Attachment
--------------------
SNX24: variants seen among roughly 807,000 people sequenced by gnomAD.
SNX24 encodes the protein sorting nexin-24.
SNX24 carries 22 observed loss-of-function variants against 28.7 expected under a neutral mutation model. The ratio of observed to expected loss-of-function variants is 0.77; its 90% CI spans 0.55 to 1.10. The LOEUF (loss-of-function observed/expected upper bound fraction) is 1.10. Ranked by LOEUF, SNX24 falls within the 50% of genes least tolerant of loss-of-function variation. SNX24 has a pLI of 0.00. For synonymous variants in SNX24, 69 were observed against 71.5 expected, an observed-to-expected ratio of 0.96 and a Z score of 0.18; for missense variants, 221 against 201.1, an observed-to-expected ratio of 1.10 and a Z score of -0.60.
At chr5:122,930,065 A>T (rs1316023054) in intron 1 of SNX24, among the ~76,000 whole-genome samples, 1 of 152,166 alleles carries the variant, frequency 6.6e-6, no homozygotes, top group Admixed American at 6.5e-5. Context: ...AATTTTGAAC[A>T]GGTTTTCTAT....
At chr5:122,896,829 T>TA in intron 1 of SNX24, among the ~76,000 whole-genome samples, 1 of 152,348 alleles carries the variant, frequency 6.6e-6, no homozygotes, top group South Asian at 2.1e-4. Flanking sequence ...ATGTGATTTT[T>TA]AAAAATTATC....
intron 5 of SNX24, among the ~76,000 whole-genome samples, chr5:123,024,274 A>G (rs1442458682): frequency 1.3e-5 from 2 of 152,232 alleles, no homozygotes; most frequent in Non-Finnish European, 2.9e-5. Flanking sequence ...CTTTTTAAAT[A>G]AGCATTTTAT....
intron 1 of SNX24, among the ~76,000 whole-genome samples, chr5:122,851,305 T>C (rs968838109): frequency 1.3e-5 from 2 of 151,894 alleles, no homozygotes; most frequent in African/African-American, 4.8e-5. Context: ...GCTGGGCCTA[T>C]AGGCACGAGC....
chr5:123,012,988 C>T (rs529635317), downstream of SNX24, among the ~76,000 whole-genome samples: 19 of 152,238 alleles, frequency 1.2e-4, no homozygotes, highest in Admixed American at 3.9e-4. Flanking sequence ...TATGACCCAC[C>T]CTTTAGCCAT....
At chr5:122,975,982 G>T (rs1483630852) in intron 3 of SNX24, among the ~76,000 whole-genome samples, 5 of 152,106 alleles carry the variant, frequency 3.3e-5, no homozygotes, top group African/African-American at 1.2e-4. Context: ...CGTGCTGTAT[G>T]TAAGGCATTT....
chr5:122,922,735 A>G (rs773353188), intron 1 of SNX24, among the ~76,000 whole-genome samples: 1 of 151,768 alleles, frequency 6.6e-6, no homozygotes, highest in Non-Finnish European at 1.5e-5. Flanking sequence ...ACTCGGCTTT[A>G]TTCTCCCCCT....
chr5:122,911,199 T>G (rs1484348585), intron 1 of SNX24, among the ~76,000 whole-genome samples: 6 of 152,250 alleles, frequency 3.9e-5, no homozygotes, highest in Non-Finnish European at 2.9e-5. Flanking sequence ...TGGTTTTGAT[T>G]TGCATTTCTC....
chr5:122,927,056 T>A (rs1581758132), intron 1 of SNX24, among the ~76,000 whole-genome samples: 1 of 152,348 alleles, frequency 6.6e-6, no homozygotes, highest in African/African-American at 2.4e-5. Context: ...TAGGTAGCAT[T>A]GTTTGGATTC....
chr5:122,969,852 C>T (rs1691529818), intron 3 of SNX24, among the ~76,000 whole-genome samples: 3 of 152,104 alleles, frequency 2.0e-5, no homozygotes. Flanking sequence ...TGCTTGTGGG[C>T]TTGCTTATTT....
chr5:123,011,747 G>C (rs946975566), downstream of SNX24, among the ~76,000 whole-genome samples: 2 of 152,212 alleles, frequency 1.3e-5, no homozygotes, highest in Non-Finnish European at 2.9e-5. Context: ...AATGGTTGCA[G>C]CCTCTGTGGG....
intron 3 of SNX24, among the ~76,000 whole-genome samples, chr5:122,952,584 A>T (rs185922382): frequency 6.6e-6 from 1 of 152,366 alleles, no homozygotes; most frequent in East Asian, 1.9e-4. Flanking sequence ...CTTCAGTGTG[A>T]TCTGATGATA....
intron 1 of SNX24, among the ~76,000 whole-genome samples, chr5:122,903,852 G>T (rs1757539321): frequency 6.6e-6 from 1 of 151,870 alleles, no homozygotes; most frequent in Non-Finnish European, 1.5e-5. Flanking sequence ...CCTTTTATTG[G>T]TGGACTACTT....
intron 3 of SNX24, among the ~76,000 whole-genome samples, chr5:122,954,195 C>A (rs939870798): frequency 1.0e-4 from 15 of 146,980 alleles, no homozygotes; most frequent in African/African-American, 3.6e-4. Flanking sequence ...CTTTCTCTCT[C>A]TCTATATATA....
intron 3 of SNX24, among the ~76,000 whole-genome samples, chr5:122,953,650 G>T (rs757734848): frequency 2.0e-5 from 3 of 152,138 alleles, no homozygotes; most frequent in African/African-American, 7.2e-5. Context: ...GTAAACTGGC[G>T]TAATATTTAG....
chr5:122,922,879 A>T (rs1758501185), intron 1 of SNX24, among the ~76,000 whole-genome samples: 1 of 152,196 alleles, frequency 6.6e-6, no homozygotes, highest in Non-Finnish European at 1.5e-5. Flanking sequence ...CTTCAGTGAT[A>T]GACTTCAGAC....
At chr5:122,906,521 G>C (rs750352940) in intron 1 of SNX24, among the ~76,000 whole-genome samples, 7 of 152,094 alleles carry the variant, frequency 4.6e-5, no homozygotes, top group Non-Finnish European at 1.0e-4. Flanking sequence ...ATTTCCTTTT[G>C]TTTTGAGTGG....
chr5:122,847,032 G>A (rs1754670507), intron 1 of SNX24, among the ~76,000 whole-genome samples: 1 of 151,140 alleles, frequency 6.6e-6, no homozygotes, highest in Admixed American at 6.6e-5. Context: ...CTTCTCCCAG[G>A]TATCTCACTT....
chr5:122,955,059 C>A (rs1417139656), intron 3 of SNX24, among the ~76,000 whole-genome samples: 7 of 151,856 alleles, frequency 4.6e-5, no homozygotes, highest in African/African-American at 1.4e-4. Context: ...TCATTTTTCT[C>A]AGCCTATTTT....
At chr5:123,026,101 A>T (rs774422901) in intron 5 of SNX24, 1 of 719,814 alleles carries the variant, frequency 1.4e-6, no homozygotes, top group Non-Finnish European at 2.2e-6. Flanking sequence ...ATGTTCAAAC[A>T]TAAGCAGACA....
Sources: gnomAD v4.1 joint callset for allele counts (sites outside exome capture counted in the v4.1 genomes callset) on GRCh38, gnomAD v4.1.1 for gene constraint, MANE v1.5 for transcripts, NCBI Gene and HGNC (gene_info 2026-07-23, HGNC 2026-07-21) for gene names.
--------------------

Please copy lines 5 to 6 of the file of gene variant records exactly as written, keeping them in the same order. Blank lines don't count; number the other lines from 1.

At chr5:122,896,829 T>TA in intron 1 of SNX24, among the ~76,000 whole-genome samples, 1 of 152,348 alleles carries the variant, frequency 6.6e-6, no homozygotes, top group South Asian at 2.1e-4. Flanking sequence ...ATGTGATTTT[T>TA]AAAAATTATC....
intron 5 of SNX24, among the ~76,000 whole-genome samples, chr5:123,024,274 A>G (rs1442458682): frequency 1.3e-5 from 2 of 152,232 alleles, no homozygotes; most frequent in Non-Finnish European, 2.9e-5. Flanking sequence ...CTTTTTAAAT[A>G]AGCATTTTAT....